Innovation and Brand Coherence

Academic Focus: University of Queensland’s TIMC
August 1, 2011
Innovation in Private Equity
August 15, 2011

Innovation and Brand Coherence

A quick and effective way to sort ideas generated during an innovation workshop is to apply brand coherence. This means grouping ideas around relevant themes that support new or existing brands. Ideation sessions can overwhelm you with hundreds of opportunities. Teams struggle with evaluating and selecting the best ideas if they do not apply this simple step first. Here is a suggested way to do it.

A quick and effective way to sort ideas generated during an innovation workshop is to apply brand coherence.  This means grouping ideas around relevant themes that support new or existing brands.  Ideation sessions can overwhelm you with hundreds of opportunities.  Teams struggle with evaluating and selecting the best ideas if they do not apply this simple step first.  Here is a suggested way to do it.

1.  Create an Idea Form:  Before the workshop, make sure all participants understand the importance of capturing their ideas using a standard format.  Print a supply of blank forms such as this one, and tell participants that any idea generated must be captured (quickly) using the form instead of taking notes in their own notebooks or lab books.  Engineers in particular like to document ideas in their own lab books for patent filings.  Insist that they do not use workshop time for this. (Your IP lawyers might appreciate this, too.).  Make sure each idea form has a pre-printed number (in sequence) on it.  This will be useful later as you inventory your ideas.

IDEA FORM

NAME OF IDEA:

DESCRIPTION OF WHAT IT DOES:

BENEFITS (TO CUSTOMER OR COMPANY):

CHALLENGES:

NAME OF SUBMITTER:

2.  Identify Possible Themes:  After a round or two of ideation, start scanning the Idea Forms.  Look especially at the BENEFITS.  Take note of recurring themes that participants write about.  For example, you might notice themes such as “increased performance,” “better safety,” “reduced cost,” “reduced inventory,” “better channel management,” and so on.  Start making a list of these for later.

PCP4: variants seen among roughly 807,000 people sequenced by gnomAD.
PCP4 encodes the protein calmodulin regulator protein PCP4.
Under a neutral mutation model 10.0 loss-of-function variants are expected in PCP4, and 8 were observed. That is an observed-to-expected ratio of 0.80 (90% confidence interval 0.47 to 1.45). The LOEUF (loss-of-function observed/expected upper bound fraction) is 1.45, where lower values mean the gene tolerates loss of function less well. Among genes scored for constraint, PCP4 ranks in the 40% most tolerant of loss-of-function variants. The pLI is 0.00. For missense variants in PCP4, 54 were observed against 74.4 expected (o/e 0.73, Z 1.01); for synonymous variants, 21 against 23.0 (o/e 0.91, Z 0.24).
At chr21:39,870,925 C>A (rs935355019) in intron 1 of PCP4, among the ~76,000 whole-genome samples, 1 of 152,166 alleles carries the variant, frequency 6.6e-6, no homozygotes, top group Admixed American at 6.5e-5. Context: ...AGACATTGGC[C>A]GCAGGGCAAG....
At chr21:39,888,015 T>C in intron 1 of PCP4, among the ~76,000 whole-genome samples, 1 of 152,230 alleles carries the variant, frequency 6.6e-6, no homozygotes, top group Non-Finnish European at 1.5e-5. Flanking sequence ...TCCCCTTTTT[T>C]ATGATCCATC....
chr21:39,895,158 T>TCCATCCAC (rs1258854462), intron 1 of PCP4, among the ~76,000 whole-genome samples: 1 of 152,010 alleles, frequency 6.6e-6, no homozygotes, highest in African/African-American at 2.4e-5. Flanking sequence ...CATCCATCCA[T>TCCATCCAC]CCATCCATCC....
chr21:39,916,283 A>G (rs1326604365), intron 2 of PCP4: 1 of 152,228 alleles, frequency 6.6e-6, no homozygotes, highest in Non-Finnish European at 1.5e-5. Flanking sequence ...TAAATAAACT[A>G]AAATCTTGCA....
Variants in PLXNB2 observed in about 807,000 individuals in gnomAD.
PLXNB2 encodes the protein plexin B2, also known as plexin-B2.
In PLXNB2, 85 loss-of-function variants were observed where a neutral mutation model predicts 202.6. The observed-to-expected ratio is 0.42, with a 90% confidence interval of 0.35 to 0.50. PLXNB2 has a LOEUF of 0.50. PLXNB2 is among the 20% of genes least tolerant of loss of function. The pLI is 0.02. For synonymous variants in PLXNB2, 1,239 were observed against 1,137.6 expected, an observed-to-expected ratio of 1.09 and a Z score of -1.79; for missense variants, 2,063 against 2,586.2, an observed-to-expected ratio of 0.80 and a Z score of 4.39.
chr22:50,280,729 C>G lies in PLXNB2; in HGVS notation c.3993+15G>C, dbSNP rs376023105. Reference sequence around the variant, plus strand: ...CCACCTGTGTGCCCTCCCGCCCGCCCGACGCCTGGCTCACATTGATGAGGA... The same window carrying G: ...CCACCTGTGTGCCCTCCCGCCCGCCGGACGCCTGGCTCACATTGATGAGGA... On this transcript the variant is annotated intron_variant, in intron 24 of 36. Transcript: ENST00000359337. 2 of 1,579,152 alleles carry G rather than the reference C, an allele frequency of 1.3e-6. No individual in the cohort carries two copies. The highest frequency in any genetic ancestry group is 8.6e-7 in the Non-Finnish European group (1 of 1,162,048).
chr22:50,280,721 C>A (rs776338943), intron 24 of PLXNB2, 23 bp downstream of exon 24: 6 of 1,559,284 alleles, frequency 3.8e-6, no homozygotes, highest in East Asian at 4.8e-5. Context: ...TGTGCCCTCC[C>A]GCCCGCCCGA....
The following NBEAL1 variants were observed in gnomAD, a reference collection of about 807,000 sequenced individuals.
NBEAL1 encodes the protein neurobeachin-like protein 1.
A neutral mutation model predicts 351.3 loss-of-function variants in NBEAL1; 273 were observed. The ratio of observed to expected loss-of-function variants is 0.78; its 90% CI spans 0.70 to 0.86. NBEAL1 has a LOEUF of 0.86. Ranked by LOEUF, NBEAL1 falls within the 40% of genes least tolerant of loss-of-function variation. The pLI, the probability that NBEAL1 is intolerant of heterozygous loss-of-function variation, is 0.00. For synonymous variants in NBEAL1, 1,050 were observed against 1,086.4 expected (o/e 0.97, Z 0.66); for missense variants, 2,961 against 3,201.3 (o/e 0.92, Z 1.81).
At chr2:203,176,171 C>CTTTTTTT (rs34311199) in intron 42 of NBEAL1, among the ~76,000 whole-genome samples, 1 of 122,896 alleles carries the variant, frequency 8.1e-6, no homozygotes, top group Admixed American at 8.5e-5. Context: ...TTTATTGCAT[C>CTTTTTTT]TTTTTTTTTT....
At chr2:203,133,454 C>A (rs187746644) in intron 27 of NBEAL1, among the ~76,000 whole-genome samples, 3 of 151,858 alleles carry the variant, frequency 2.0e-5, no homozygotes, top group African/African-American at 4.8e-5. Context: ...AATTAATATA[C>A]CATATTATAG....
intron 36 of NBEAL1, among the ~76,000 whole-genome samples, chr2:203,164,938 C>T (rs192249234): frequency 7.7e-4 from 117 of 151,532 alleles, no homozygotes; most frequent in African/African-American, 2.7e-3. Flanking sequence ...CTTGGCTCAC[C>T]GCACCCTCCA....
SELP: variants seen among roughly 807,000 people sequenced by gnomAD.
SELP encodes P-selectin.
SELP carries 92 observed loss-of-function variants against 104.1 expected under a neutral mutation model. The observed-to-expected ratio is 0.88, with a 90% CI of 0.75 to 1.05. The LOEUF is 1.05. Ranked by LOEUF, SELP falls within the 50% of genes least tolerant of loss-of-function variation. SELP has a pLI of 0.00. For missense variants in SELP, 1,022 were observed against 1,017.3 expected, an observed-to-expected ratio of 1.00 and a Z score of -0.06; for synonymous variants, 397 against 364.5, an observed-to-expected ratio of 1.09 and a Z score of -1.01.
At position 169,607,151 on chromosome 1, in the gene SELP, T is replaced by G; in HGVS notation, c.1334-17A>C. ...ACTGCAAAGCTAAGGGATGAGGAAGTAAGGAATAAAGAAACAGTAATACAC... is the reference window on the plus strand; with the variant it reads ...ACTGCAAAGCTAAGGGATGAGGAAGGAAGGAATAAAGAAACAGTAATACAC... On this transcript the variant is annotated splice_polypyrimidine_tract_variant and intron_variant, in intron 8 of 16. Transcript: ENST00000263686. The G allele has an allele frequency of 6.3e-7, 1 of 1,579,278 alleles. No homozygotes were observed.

3.  Affinitize” Ideas Around Themes:  After ideation, have participants decide which of the possible themes are the most relevant to the business.  Then, have them assign each of the ideas (using the IDEA FORMS) to the brand theme that it best belongs to.  Once the ideas have been affinitized around a theme, assign each stack of ideas to subgroups.  Have them analyze the ideas.  They should take note of several things.  First, are there duplicated ideas?  This is likely to happen, so it makes sense to collapse  ideas into one.  Second, which of the ideas belong together within the same product or service?  Two or more ideas that work together in harmony form the basis of a potential development project, so these need to be identified.  Third, what ideas seem to be harmonious around a brand campaign?  Each subgroup should have an experienced marketer who can look at the ideas and foresee “the story” of how these ideas form a cohesive marketing message or campaign.  They are looking for coherence.  That is when a group of ideas that, take together, make the customer go “Wow!”.

Here is an example.  A group of MBA students used an innovation method to create innovations for a commercial airline.  The client told the students that they would welcome innovation in any area of their business.  This broad scope actually made the project harder, not easier, for the students.  After applying the method successfully to a variety of areas of the airline (gate area, baggage handling, in-flight services, etc), the students began to notice ideas relating to “family travel convenience.”  Seeking brand coherence, the students brought together all the ideas that resonated around helping families travel more conveniently regardless of the where it came from.  This set the stage for a new marketing campaign.